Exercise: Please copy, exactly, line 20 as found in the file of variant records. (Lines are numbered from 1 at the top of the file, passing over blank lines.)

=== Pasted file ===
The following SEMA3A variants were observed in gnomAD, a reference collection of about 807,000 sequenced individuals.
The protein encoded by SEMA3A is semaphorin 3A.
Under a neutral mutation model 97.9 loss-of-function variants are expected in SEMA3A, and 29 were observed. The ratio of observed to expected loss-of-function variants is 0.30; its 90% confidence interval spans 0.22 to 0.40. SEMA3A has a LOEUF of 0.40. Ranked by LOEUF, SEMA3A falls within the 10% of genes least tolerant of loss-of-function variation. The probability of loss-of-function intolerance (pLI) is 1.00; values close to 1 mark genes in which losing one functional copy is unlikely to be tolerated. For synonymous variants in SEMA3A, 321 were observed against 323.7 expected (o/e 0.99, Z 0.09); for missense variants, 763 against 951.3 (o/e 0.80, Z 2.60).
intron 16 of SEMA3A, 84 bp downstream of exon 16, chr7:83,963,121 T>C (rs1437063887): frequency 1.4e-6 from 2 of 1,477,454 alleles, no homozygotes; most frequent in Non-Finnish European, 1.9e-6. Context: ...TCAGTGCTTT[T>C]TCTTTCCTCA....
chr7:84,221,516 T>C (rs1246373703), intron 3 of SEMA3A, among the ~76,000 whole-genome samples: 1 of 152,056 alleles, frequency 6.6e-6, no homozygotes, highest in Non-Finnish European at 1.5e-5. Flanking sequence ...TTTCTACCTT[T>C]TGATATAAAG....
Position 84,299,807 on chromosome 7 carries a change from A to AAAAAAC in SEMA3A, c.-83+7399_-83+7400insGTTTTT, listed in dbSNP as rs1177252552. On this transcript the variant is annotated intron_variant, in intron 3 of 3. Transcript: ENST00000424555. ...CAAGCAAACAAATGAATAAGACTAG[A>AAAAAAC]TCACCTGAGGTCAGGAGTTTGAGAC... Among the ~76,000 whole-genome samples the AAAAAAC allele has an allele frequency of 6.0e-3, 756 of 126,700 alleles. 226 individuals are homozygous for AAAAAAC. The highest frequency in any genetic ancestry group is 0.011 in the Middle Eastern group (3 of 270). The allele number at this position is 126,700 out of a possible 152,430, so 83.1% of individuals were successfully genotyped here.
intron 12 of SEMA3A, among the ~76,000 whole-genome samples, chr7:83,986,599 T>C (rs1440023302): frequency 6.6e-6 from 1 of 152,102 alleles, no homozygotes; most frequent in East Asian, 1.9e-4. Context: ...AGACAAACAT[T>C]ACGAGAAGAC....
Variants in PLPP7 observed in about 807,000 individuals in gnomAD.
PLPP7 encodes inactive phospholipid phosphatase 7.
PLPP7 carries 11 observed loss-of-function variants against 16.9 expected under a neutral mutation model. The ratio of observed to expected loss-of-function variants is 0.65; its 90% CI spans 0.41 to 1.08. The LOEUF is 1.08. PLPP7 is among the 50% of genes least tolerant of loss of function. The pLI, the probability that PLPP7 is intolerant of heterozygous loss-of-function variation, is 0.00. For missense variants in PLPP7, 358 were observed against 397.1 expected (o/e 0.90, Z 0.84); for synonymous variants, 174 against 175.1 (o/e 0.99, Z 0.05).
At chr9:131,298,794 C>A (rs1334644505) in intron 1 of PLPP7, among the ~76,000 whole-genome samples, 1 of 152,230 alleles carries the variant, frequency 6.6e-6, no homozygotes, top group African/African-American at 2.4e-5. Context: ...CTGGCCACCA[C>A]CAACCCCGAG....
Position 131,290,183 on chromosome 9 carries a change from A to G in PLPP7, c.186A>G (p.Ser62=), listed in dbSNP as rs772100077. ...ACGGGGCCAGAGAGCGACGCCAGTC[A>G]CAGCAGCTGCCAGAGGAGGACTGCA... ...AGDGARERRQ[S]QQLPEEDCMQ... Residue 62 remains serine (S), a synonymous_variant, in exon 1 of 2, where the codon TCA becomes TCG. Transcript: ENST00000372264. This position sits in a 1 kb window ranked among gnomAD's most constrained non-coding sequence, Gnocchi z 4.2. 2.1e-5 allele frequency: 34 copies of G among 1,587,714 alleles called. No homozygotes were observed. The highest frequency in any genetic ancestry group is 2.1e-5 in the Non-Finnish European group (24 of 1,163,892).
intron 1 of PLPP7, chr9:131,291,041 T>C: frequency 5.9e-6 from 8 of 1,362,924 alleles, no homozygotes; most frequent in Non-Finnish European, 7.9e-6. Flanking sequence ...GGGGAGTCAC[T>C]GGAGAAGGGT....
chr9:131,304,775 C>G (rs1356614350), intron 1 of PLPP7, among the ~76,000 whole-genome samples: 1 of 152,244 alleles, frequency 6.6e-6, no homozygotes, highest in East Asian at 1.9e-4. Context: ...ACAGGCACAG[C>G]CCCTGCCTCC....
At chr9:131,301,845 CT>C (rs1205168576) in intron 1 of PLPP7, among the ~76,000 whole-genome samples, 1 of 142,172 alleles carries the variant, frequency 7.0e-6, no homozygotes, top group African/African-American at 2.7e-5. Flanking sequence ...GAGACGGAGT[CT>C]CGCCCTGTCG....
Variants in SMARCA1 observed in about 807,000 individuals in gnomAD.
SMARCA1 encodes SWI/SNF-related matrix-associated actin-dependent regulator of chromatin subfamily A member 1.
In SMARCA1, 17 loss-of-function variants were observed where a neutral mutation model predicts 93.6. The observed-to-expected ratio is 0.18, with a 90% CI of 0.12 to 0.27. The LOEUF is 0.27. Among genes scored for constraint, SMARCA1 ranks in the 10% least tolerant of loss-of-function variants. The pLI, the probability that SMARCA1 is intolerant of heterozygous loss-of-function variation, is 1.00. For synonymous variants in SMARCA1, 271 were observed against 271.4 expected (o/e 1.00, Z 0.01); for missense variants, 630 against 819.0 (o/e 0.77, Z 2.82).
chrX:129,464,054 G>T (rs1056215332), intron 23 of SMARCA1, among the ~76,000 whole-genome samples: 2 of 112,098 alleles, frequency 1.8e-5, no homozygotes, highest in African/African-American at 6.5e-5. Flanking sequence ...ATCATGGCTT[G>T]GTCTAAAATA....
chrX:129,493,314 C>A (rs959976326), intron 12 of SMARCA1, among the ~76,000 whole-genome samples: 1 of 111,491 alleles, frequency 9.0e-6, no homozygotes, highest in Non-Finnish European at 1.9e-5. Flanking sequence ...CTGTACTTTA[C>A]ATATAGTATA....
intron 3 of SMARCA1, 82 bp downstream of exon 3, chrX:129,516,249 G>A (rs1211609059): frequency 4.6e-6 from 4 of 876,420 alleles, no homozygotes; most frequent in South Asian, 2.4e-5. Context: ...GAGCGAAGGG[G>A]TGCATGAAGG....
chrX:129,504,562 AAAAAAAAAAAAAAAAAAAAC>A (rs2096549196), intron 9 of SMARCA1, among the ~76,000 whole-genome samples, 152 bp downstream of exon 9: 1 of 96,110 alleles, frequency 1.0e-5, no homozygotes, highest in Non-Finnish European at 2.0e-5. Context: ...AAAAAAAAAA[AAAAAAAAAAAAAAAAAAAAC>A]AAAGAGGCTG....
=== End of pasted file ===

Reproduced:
chrX:129,493,314 C>A (rs959976326), intron 12 of SMARCA1, among the ~76,000 whole-genome samples: 1 of 111,491 alleles, frequency 9.0e-6, no homozygotes, highest in Non-Finnish European at 1.9e-5. Flanking sequence ...CTGTACTTTA[C>A]ATATAGTATA....